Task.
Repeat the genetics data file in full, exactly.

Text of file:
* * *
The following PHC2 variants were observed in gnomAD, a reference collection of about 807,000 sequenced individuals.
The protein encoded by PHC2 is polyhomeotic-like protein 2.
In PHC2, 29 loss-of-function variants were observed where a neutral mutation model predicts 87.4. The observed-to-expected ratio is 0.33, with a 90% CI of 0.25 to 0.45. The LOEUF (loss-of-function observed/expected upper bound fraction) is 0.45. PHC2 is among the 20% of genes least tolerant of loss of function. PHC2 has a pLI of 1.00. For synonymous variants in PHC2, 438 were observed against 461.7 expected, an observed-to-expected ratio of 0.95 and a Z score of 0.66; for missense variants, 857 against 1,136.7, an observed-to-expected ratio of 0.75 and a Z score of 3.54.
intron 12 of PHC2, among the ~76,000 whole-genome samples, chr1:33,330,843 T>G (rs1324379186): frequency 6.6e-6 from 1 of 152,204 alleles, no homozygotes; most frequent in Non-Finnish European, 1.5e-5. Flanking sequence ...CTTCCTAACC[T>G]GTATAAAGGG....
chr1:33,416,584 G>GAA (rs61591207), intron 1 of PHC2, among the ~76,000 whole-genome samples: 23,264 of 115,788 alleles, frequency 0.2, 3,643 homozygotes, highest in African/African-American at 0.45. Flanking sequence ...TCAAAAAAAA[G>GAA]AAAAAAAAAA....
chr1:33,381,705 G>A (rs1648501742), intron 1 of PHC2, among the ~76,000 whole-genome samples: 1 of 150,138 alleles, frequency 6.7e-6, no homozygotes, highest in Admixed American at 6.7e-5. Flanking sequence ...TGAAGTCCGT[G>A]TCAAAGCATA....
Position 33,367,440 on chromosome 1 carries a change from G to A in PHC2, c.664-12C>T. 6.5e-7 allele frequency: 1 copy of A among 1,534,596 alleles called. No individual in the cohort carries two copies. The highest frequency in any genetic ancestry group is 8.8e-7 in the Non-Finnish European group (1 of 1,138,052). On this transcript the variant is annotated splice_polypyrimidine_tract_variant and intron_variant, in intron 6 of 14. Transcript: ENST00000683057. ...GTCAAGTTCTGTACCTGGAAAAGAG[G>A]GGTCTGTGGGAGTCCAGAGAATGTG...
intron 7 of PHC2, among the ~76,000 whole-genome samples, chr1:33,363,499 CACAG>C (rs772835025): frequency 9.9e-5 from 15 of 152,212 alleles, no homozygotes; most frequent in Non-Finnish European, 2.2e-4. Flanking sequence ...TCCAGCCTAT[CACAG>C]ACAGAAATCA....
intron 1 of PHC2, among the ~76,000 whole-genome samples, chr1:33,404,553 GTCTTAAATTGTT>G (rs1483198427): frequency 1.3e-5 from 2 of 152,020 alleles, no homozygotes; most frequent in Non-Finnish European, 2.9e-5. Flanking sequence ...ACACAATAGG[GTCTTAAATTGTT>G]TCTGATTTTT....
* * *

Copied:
The following PHC2 variants were observed in gnomAD, a reference collection of about 807,000 sequenced individuals.
The protein encoded by PHC2 is polyhomeotic-like protein 2.
In PHC2, 29 loss-of-function variants were observed where a neutral mutation model predicts 87.4. The observed-to-expected ratio is 0.33, with a 90% CI of 0.25 to 0.45. The LOEUF (loss-of-function observed/expected upper bound fraction) is 0.45. PHC2 is among the 20% of genes least tolerant of loss of function. PHC2 has a pLI of 1.00. For synonymous variants in PHC2, 438 were observed against 461.7 expected, an observed-to-expected ratio of 0.95 and a Z score of 0.66; for missense variants, 857 against 1,136.7, an observed-to-expected ratio of 0.75 and a Z score of 3.54.
intron 12 of PHC2, among the ~76,000 whole-genome samples, chr1:33,330,843 T>G (rs1324379186): frequency 6.6e-6 from 1 of 152,204 alleles, no homozygotes; most frequent in Non-Finnish European, 1.5e-5. Flanking sequence ...CTTCCTAACC[T>G]GTATAAAGGG....
chr1:33,416,584 G>GAA (rs61591207), intron 1 of PHC2, among the ~76,000 whole-genome samples: 23,264 of 115,788 alleles, frequency 0.2, 3,643 homozygotes, highest in African/African-American at 0.45. Flanking sequence ...TCAAAAAAAA[G>GAA]AAAAAAAAAA....
chr1:33,381,705 G>A (rs1648501742), intron 1 of PHC2, among the ~76,000 whole-genome samples: 1 of 150,138 alleles, frequency 6.7e-6, no homozygotes, highest in Admixed American at 6.7e-5. Flanking sequence ...TGAAGTCCGT[G>A]TCAAAGCATA....
Position 33,367,440 on chromosome 1 carries a change from G to A in PHC2, c.664-12C>T. 6.5e-7 allele frequency: 1 copy of A among 1,534,596 alleles called. No individual in the cohort carries two copies. The highest frequency in any genetic ancestry group is 8.8e-7 in the Non-Finnish European group (1 of 1,138,052). On this transcript the variant is annotated splice_polypyrimidine_tract_variant and intron_variant, in intron 6 of 14. Transcript: ENST00000683057. ...GTCAAGTTCTGTACCTGGAAAAGAG[G>A]GGTCTGTGGGAGTCCAGAGAATGTG...
intron 7 of PHC2, among the ~76,000 whole-genome samples, chr1:33,363,499 CACAG>C (rs772835025): frequency 9.9e-5 from 15 of 152,212 alleles, no homozygotes; most frequent in Non-Finnish European, 2.2e-4. Flanking sequence ...TCCAGCCTAT[CACAG>C]ACAGAAATCA....
intron 1 of PHC2, among the ~76,000 whole-genome samples, chr1:33,404,553 GTCTTAAATTGTT>G (rs1483198427): frequency 1.3e-5 from 2 of 152,020 alleles, no homozygotes; most frequent in Non-Finnish European, 2.9e-5. Flanking sequence ...ACACAATAGG[GTCTTAAATTGTT>G]TCTGATTTTT....